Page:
Shikhar Dhawan credits Team India and Ravi Shastri for good show in 4th ODI against England at Edgbaston
Shikhar Dhawan smashed an unbeaten 97 in India’s huge win © Getty Images
Sep 3, 2014
India opening batsman Shikhar Dhawan on Wednesday credited Indian Team Director Ravi Shastri and the other members of the squad for helping him out in tough times and support that he was got, as he roared back to form with a scintillating 97 not out against England in the fourth One-Day International (ODI) at Edgbaston.
India pummelled England by nine wickets to seal the five-match series 3-0 with one more match to go. Dhawan, who added 183 runs with Ajinkya Rahane to guide India to a famous win, conceded that he was relieved after a big knock.
Dhawan told BCCI’s official website, “Yes, very relieved indeed. I kept practicing hard and kept believing in the process. I made a few minor changes in my technique. I opened up my shoulder a bit due to which the vision of the bowler and his arm improved a lot. It has also led me into playing straighter than before. I would like to thank the entire support staff and especially Ravi [Shastri] bhai, who has given us a lot of confidence since he has joined the team. A very big thanks to my family for standing by me.”
Talking about Rahane, who slammed his maiden ODI ton in the game, Dhawan said, “Ajinkya was in beautiful touch and the way he hit Anderson for those four fours in an over, it released all the pressure from us. I was not it bad touch myself but my flow wasn’t as good as his. So I kept taking singles at the other end and gave him most of the strike initially. It was the perfect partnership between us. The jugalbandi (a duet of two solo musicians) was brilliant.”
Dhawan said he enjoyed hitting the strokes that he usually plays, as it was after a very long time the left-handed opener was seen his usual self. “I thoroughly enjoyed it. When you get something for free, you enjoy it more (talking about a six off a free hit). After that shot, I got into very good flow. So, we decided to take the batting powerplay. We wanted to finish on an aggressive note because with the match in the bag, it was a good opportunity for us to try out some big shots and learn how and when they work in the batting powerplay.”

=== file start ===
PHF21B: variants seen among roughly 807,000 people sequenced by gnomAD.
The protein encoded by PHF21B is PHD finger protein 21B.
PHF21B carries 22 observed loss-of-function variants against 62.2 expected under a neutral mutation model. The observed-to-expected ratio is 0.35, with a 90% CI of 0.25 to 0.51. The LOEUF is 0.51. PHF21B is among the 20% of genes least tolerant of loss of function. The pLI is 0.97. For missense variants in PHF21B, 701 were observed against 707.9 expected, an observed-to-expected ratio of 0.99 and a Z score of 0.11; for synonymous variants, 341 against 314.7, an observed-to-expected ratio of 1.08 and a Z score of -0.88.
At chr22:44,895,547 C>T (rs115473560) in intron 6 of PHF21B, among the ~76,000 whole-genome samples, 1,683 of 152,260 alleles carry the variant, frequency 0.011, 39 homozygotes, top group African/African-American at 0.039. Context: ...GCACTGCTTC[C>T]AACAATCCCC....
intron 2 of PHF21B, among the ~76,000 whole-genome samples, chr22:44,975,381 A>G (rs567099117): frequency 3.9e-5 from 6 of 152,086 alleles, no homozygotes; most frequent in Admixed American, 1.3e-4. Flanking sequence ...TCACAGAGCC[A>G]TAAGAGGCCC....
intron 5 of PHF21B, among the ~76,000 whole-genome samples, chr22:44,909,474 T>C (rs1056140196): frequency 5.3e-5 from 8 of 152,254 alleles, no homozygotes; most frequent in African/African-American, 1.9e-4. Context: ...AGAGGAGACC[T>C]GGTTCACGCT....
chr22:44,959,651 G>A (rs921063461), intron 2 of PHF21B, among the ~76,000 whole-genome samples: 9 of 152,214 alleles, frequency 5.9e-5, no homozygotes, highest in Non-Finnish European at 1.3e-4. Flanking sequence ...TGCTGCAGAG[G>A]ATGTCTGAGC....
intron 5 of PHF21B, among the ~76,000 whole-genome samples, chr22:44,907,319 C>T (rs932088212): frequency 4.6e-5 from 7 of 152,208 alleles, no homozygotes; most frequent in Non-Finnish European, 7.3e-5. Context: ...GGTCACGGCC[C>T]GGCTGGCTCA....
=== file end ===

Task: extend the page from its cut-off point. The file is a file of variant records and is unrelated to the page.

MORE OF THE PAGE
Dhawan said that he is feeling more confident about his game after the innings in the fourth ODI, as he had a poor Test series during which he was dropped for last two Tests.
“My game does depend a lot on confidence. Without confidence, I would not have been able to score runs today. To be honest, even during the Tests and in the first two ODIs, it wasn’t like I was struggling to put bat on ball. It happens with every batsman; sometimes despite feeling good in the nets, you don’t score runs in the match,” Dhawan said.
He continued, “It is difficult. You are trying everything you can to score runs – you’re working on your technique, preparing yourself mentally and doing everything right before a match. But still you go through one failure after another. At this time it is very important to have patience and keep the belief intact. All you can do is keep trying and keep working. Sometimes, you also have to admit that you are getting good balls and the opposition has your number. That’s what I tried to do. I didn’t over-think or get too frustrated; I worked hard wholeheartedly and prepared as smartly as I could, and then accepted that this is a bad phase and I have to get through it.”
Dhawan said that he does not read too much into disappointments and prefers to live in the present. “It depends on individuals. For me, when I get out cheaply, I think about it for a while, see where I went wrong, figure out the ways to improve and then let it go. Once a moment has passed, I cannot bring it back. So, I prefer to live in the present. You feel bad and disappointed but at the end of the day the sooner you accept it, it will be easier to move ahead,” he said.
“When you are scoring runs, yourself and the others tend to overlook your technical deficiencies. It’s when the runs are not coming that even the minutest of flaws are viewed under the microscope. You look into your game and try to pick every single thing you can improve about it. At the end of it, you emerge as a better player than you were. For me failure is not a bad thing because it teaches you how to succeed,” he added.
Complete coverage of India’s tour to England here